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Aesop's Fables, translated by Laura Gibbs (2002)

Perry 16 (Chambry 12 *)

A cat had seized a rooster and wanted to find a reasonable pretext for devouring him. He began by accusing the rooster of bothering people by crowing at night, making it impossible for them to sleep. The rooster said that this was actually an act of kindness on his part, since the people needed to be woken up in order to begin their day's work. The cat then made a second accusation, 'But you are also a sinner who violates nature's own laws when you mount your sisters and your mother.' The rooster said that this also was something he did for his masters' benefit, since this resulted in a large supply of eggs. The cat found himself at a loss and said, 'Well, even if you have an endless supply of arguments, I am still going to eat you anyway!'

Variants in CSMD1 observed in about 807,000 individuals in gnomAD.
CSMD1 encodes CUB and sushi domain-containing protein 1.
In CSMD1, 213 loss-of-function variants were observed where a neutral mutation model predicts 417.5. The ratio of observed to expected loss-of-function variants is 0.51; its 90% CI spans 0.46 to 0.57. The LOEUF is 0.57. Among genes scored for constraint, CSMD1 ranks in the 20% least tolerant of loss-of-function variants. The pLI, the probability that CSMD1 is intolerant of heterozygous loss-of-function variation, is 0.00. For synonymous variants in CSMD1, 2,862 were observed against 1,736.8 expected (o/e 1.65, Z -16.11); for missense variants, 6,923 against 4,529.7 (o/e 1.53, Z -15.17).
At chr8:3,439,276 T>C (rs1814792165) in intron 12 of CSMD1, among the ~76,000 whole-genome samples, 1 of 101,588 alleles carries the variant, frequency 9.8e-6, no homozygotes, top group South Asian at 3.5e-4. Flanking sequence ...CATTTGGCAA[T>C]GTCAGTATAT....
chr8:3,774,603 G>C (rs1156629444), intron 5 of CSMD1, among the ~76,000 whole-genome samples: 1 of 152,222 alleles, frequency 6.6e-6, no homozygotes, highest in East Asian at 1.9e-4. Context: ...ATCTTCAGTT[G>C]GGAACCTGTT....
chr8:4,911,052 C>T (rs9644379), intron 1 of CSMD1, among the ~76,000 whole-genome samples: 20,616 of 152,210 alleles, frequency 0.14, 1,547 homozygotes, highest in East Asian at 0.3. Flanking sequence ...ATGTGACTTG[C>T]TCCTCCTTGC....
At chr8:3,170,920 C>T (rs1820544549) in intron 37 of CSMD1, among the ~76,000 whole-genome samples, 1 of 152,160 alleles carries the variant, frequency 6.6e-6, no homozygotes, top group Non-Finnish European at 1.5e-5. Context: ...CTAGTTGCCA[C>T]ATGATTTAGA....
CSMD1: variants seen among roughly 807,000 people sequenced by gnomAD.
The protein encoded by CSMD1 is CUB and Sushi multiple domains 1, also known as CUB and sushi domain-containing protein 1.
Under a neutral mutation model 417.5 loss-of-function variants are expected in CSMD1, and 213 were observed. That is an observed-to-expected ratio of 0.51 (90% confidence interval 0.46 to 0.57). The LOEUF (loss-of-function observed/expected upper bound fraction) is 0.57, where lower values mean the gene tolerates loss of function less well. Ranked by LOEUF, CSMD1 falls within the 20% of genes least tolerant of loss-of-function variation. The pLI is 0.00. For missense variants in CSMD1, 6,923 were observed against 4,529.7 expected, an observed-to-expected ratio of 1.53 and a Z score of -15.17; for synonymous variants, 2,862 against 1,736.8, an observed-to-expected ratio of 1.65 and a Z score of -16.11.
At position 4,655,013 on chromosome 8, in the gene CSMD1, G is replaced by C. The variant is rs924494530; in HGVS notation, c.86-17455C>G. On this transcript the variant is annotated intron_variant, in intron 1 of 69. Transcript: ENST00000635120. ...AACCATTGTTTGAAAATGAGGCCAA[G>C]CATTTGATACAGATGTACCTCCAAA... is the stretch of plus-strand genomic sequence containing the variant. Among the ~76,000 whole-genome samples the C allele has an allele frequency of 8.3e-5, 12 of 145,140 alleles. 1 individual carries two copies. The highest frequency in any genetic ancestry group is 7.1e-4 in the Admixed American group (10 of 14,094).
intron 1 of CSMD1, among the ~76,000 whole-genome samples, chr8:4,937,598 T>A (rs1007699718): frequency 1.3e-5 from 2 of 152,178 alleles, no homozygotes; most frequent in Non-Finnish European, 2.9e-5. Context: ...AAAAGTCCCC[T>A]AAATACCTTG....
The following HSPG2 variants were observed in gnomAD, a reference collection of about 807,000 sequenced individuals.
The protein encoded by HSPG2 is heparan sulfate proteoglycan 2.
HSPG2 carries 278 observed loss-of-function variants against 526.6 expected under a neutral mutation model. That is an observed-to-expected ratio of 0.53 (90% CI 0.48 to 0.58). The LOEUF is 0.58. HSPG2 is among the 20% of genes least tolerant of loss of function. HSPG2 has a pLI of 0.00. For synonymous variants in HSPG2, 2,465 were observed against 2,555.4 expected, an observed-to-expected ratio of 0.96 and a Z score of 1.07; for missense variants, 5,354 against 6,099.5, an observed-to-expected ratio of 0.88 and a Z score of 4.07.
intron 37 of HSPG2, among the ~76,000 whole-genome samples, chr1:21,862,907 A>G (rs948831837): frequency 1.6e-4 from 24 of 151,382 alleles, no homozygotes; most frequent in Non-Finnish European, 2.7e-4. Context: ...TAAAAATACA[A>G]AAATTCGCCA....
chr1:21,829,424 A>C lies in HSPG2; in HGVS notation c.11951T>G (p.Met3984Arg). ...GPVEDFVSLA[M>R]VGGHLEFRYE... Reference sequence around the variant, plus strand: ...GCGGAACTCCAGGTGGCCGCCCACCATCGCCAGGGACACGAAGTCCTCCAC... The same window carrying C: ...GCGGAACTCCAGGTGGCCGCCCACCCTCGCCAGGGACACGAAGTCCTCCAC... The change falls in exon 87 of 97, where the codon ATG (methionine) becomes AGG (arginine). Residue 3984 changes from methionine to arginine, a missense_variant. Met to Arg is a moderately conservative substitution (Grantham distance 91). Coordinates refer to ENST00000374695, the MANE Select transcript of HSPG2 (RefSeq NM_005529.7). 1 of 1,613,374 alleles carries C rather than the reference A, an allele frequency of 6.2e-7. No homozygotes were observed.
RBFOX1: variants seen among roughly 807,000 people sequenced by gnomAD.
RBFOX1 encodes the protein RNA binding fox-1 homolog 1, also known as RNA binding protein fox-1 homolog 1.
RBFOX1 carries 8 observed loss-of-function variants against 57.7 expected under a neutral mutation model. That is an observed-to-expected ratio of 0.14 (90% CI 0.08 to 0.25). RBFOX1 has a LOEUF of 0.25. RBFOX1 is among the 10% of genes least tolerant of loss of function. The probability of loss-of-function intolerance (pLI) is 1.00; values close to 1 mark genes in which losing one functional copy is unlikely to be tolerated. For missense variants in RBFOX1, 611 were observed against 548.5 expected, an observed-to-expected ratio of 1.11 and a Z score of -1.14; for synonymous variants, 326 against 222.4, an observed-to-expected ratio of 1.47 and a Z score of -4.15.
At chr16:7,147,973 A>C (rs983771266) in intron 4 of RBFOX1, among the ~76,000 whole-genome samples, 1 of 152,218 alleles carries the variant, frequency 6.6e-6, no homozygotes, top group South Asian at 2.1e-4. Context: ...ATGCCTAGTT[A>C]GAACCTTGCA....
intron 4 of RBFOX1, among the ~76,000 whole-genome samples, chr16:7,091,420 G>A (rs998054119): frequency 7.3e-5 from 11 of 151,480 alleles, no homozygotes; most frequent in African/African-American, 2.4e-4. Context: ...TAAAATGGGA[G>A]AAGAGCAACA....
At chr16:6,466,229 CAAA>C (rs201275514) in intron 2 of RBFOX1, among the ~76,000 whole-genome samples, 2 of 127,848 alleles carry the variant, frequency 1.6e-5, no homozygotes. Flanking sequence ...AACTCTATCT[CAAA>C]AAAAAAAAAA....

The fable shows that when someone with a wicked nature has set his mind on committing some offense, he will carry out his evil acts openly even if he cannot come up with a reasonable excuse.

Note: The cat's last words in L'Estrange are especially delightful: 'Come, come, says Puss, without any more ado, 'tis time for me to go to Breakfast, and Cats don't live upon Dialogues.'

Source: Aesop's Fables. A new translation by Laura Gibbs. Oxford University Press (World's Classics): Oxford, 2002.
NOTE: New cover, with new ISBN, published in 2008; contents of book unchanged.